• Eutelsat W5 - . Payload: W1A. Mass: 3,170 kg (6,980 lb). Nation: Europe. Agency: Eutelsat. Manufacturer: Cannes. Program: Eutelsat. Class: Communications. Type: Civilian communications satellite. Spacecraft: Spacebus 3000. USAF Sat Cat: 27554 . COSPAR: 2002-051A. Apogee: 35,801 km (22,245 mi). Perigee: 35,788 km (22,237 mi). Inclination: 0.1000 deg. Period: 1,436.50 min. Maiden flight of the Delta 4 EELV booster, delayed due to development problems from January and November 2001, April 30, July 15, August 31, October 9, November 3, 16 and 19. EUTELSAT W5 was a European (EUTELSAT Consortium) geostationary communication spacecraft. EUTELSAT W5 was to provide voice, video, and Internet services to all countries in western Europe, central Asia, and the Indian subcontinent through its 24 Ku-band transponders after being parked over 70.5 E longitude. As of 2007 Mar 10 located at 70.55E drifting at 0.004W degrees per day.

2003 March 11 - . 00:59 GMT - . Launch Site: Cape Canaveral. Launch Complex: Cape Canaveral LC37B. Launch Pad: SLC37B. LV Family: Delta IV. Launch Vehicle: Delta IV Medium. LV Configuration: Delta 4M D4-2 (296) 4040.
  • USA 167 - . Payload: DSCS III A-3. Mass: 1,235 kg (2,722 lb). Nation: USA. Agency: USAF. Program: DSCS. Class: Communications. Type: Military communications satellite. Spacecraft: DSCS III. USAF Sat Cat: 27691 . COSPAR: 2003-008A. Summary: First flight of a fully cryogenic orbital launch vehicle. Delayed from December 2001, February 2, 6, 8, 11, 12 and March 8 2003. Satellite mas 2,733 kg with kick stage..

2003 August 29 - . 23:13 GMT - . Launch Site: Cape Canaveral. Launch Complex: Cape Canaveral LC37B. Launch Pad: SLC37B. LV Family: Delta IV. Launch Vehicle: Delta IV Medium. LV Configuration: Delta 4M D4-3 (301) 4040.
  • USA 170 - . Payload: DSCS-3-B6. Mass: 1,235 kg (2,722 lb). Nation: USA. Agency: USAF. Class: Communications. Type: Military communications satellite. Spacecraft: DSCS III. USAF Sat Cat: 27875 . COSPAR: 2003-040A. Summary: Delayed from July 1, 11 and 23, then August 3 and 28..

2004 December 21 - . 21:50 GMT - . Launch Site: Cape Canaveral. Launch Complex: Cape Canaveral LC37B. Launch Pad: SLC37B. LV Family: Delta IV. Launch Vehicle: Delta IV Heavy. LV Configuration: Delta 4H D4-4 (310) 4050H.
  • USA 181 - . Payload: Demosat / HLVOLSDP. Mass: 5,993 kg (13,212 lb). Nation: USA. Agency: USAF. USAF Sat Cat: 28500 . COSPAR: 2004-050A. Apogee: 36,413 km (22,625 mi). Perigee: 19,035 km (11,827 mi). Inclination: 13.4790 deg. Period: 1,044.23 min. Mass model payload. First launch of a heavy EELV. The demonstration satellite was supposed to have been inserted into a sub-geosynchronous 36,350 km circular orbit but was instead deployed in a 19,035 km x 36,413 km orbit following a 5-hour and 50-minute flight. A shorter than expected first burn of the Centaur upper stage led to an orbit well below that planned. The Air Force EELV program office claimed that the primary flight objectives were accomplished. These included the heavy boost phase, flight of the new five-meter diameter Centaur upper stage and five-meter payload fairing, extended coast, upper stage third burn and payload separation, and activation and usage of Space Launch Complex 37B. Delayed from September 2003, July 3, September 10, November 18, December 10, 11 and 12.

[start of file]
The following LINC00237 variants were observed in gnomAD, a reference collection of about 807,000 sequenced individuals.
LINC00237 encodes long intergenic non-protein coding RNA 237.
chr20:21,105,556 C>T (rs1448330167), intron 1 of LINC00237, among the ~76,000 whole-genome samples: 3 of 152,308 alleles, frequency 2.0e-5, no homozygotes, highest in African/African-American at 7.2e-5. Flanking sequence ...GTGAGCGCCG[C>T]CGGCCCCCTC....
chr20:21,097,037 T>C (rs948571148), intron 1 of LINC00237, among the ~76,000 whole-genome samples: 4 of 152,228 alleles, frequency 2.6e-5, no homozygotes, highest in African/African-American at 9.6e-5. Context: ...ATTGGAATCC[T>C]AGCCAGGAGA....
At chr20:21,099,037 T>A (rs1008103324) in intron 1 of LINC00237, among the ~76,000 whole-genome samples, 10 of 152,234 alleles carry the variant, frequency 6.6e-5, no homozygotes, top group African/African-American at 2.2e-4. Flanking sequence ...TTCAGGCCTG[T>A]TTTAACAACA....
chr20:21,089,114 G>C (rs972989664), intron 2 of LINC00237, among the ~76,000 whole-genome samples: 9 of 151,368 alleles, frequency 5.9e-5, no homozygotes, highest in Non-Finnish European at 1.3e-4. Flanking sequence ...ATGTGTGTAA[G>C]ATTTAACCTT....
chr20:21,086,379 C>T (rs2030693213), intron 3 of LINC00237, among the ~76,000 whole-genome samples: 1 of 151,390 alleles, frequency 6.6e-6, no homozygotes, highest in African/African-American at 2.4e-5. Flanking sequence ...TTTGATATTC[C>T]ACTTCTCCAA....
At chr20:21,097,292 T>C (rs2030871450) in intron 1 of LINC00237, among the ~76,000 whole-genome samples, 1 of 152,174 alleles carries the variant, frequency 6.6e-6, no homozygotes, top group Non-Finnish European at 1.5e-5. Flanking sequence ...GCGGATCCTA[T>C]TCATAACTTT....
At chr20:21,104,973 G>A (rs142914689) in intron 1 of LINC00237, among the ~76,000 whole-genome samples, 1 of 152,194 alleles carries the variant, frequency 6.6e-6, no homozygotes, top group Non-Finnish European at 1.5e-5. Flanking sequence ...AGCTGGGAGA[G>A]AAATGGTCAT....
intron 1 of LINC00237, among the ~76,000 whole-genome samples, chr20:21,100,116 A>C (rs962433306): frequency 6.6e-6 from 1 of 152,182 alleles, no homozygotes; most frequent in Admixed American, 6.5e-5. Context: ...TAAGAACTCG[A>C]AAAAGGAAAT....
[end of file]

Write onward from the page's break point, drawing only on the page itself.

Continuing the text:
• 3CSat 1 Sparkie - . Payload: Nanosat 2. Mass: 15 kg (33 lb). Nation: USA. Agency: USAF. Manufacturer: New Mexico. Class: Technology. Type: Navigation technology satellite. Spacecraft: 3CSat. COSPAR: 2004-050x. One of a pair of student-built nanosats for stero cloud imagery. The satellites did not contact the ground after separation from the booster in a lower-than-planned orbit and their fate was unclear. It was believed that they separated but re-entered rapidly from the 105 km perigee orbit.
  • 3CSat 2 Ralphie - . Payload: Nanosat 2. Mass: 15 kg (33 lb). Nation: USA. Agency: USAF. Manufacturer: Colorado. Class: Technology. Type: Navigation technology satellite. Spacecraft: 3CSat. COSPAR: 2004-050x.

2006 May 24 - . 22:11 GMT - . Launch Site: Cape Canaveral. Launch Complex: Cape Canaveral LC37B. Launch Pad: SLC37B. LV Family: Delta IV. Launch Vehicle: Delta IV Medium+ (4.2). LV Configuration: Delta 4M+(4,2) D4-5 (315) 4240.
  • GOES-13 - . Mass: 3,199 kg (7,052 lb). Nation: USA. Agency: NOAA. Manufacturer: Boeing. Program: GOES. Class: Earth. Type: Weather satellite. Spacecraft: HS 601. USAF Sat Cat: 29155 . COSPAR: 2006-018A. Apogee: 35,791 km (22,239 mi). Perigee: 35,779 km (22,231 mi). Inclination: 0.5000 deg. Period: 1,436.00 min. GOES-13 carried weather imager and sounder instruments, a space environment monitor, and a soft X-ray solar imaging telescope. Mass was 1543 kg empty. It joined GOES 10 (operating as GOES-WEST), GOES 12 (operating as GOES-EAST) and GOES 11 (on standby, set to replace GOES-10 on June 27). As of 2007 Mar 11 located at 105.26W drifting at 0.008W degrees per day.

2007 November 11 - . 01:50 GMT - . Launch Site: Cape Canaveral. Launch Complex: Cape Canaveral LC37B. Launch Pad: SLC37B. LV Family: Delta IV. Launch Vehicle: Delta IV Heavy. LV Configuration: Delta 4H D4-8 (329) 4050H.